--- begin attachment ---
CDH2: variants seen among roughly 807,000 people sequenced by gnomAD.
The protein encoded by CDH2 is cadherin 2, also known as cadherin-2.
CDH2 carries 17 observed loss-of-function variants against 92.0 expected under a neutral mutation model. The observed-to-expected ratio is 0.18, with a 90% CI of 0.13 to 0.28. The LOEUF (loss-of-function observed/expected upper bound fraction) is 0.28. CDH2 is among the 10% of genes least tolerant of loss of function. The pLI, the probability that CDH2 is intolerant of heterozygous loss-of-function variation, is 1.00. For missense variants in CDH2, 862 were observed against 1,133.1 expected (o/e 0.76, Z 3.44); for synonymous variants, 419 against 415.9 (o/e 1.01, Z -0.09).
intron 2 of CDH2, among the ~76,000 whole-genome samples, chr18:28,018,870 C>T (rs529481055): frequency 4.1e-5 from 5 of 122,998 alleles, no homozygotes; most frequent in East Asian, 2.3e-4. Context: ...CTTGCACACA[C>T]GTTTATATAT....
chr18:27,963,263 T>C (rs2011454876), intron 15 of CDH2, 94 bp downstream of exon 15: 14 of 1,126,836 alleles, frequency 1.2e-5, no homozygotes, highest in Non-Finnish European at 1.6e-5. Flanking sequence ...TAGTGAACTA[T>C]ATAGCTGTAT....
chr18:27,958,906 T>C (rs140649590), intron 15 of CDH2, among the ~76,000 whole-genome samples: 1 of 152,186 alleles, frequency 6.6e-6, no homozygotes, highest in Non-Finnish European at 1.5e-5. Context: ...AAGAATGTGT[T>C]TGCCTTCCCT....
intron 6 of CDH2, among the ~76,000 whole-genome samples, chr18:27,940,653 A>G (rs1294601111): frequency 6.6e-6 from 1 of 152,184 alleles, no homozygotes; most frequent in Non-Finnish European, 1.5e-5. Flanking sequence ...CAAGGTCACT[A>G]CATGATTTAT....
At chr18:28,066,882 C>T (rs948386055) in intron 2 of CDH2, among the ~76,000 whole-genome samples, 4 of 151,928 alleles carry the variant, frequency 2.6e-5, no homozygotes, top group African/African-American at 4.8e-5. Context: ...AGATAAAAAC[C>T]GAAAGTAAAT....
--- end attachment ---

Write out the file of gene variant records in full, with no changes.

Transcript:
CDH2: variants seen among roughly 807,000 people sequenced by gnomAD.
The protein encoded by CDH2 is cadherin 2, also known as cadherin-2.
CDH2 carries 17 observed loss-of-function variants against 92.0 expected under a neutral mutation model. The observed-to-expected ratio is 0.18, with a 90% CI of 0.13 to 0.28. The LOEUF (loss-of-function observed/expected upper bound fraction) is 0.28. CDH2 is among the 10% of genes least tolerant of loss of function. The pLI, the probability that CDH2 is intolerant of heterozygous loss-of-function variation, is 1.00. For missense variants in CDH2, 862 were observed against 1,133.1 expected (o/e 0.76, Z 3.44); for synonymous variants, 419 against 415.9 (o/e 1.01, Z -0.09).
intron 2 of CDH2, among the ~76,000 whole-genome samples, chr18:28,018,870 C>T (rs529481055): frequency 4.1e-5 from 5 of 122,998 alleles, no homozygotes; most frequent in East Asian, 2.3e-4. Context: ...CTTGCACACA[C>T]GTTTATATAT....
chr18:27,963,263 T>C (rs2011454876), intron 15 of CDH2, 94 bp downstream of exon 15: 14 of 1,126,836 alleles, frequency 1.2e-5, no homozygotes, highest in Non-Finnish European at 1.6e-5. Flanking sequence ...TAGTGAACTA[T>C]ATAGCTGTAT....
chr18:27,958,906 T>C (rs140649590), intron 15 of CDH2, among the ~76,000 whole-genome samples: 1 of 152,186 alleles, frequency 6.6e-6, no homozygotes, highest in Non-Finnish European at 1.5e-5. Context: ...AAGAATGTGT[T>C]TGCCTTCCCT....
intron 6 of CDH2, among the ~76,000 whole-genome samples, chr18:27,940,653 A>G (rs1294601111): frequency 6.6e-6 from 1 of 152,184 alleles, no homozygotes; most frequent in Non-Finnish European, 1.5e-5. Flanking sequence ...CAAGGTCACT[A>G]CATGATTTAT....
At chr18:28,066,882 C>T (rs948386055) in intron 2 of CDH2, among the ~76,000 whole-genome samples, 4 of 151,928 alleles carry the variant, frequency 2.6e-5, no homozygotes, top group African/African-American at 4.8e-5. Context: ...AGATAAAAAC[C>T]GAAAGTAAAT....